Back in April of this year, Moz released the results of their annual Local SEO Ranking Factors Survey, which polls a number of local SEO experts on which ranking factors they believe are most important when it comes to websites obtaining top Google “SnackPack” rankings. As expected, some of the most important ranking factors at the top of the list are related to website authority, and inbound links from other websites. Link-related factors have been among the top SEO ranking factors for as long as I can remember, and this is coming from someone who has been doing SEO for over 10 years.
As an SEO consultant who has to explain to clients on a regular basis that there are hundreds of factors when it comes to improving their website’s rankings on Google, Bing, and Yahoo!, these types of surveys make it sound like we should be spending all day cherrypicking backlinks from their competitors and listing their business information on as many directory and Local Citation websites as we can find. But this is not an approach that I take…spending hours on end using the out-dated link building method of paying for multiple paid directory listings, based on two of three of the client’s competitors ranking well on Google (Local/Organic).
Yes, links are important. They always have been, they always will be. But are they the “end all, be all” of SEO and improving OVERALL SEARCH ENGINE VISIBILITY? No. And we don’t focus solely on rankings anyway.
Improving User Experience
For a number of our SEO clients, we have seen a surprising amount of success focusing more attention on some of the underrated on-page factors, such as:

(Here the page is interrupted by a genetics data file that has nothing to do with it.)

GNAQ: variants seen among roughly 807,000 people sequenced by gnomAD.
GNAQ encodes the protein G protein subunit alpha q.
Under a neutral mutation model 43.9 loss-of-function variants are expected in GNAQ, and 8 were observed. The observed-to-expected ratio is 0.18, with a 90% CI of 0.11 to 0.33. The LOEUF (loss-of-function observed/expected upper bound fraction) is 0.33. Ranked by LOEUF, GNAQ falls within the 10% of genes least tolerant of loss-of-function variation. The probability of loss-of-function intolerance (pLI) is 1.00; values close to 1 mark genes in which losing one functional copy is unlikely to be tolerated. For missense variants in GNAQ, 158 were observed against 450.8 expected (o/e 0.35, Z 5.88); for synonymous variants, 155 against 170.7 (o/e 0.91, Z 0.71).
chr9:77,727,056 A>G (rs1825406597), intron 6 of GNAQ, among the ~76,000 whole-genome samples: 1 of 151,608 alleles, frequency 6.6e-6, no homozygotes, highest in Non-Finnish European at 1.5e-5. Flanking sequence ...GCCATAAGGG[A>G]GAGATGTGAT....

- Cleaning up all on-page issues (missing page titles/meta descriptions, duplicates, etc.)
- Making sure Google My Business profile is properly optimized (correct categories, images are uploaded, NAP are the same on GMB profile as on website and important citation sites, etc.)
- Presenting relevant content on home page…link to FAQ’s that are helpful and relevant, make sure internal links are spread properly throughout the site in an attempt to improve click-thru-rates (CTR), pages-per-visit, and other user experience-related metrics.
- Checking for duplicate content.
- Identifying pages with thin content (under 500 words), eliminate outdated content pages, combine shorter FAQ pages to create longer, more informative page content.
If this all sounds like basic on-page optimization tasks, that’s because they are fairly basic. But when Moz and other SEO-related blogs come out with these studies saying that link and citation-related factors account for 30% of most important local ranking factors, and 37% of top organic ranking factors, sometimes there are underrated ranking factors that end up “falling through the cracks”.
Top 50 Local Ranking Factors
Of the top 50 most important Local ranking factors, 21 of them (or over 40%) are link or citation-related:
#4 Quality/Authority of Inbound Links to Domain
#5 Consistency of Citations on the Primary Data Sources
#6 Domain Authority of Website
#8 Quality/Authority of Structured Citations
#9 Consistency of Citations on Tier 1 Citation Sources
#11 Quality/Authority of Inbound Links to GMB Landing Page URL
#16 Diversity of Inbound Links to Domain
#17 Quantity of Inbound Links to Domain
#20 Quantity of Inbound Links to Domain from Locally Relevant Domains
#21 Quality/Authority of Unstructured Citations (Newspaper Articles, Blog Posts, Gov Sites, Industry Associations)
#28 Quantity of Inbound Links to Domain from Industry-Relevant Domains
#29 Quantity of Citations from Locally Relevant Domains
#33 Product/Service Keywords in Anchor Text of Inbound Links to Domain
#34 Quantity of Inbound Links to GMB Landing Page URL
#37 Prominence on Key Industry-Relevant Domains
#38 Location Keywords in Anchor Text of Inbound Links to Domain
#39 Diversity of Inbound Links to GMB Landing Page URL
#40 Quantity of Citations from Industry-Relevant Domains
#44 Enhancement/Completeness of Citations
#47 Quantity of Structured Citations (IYPs, Data Aggregators)
#48 Quantity of Inbound Links to GMB Landing Page URL from Locally Relevant Domains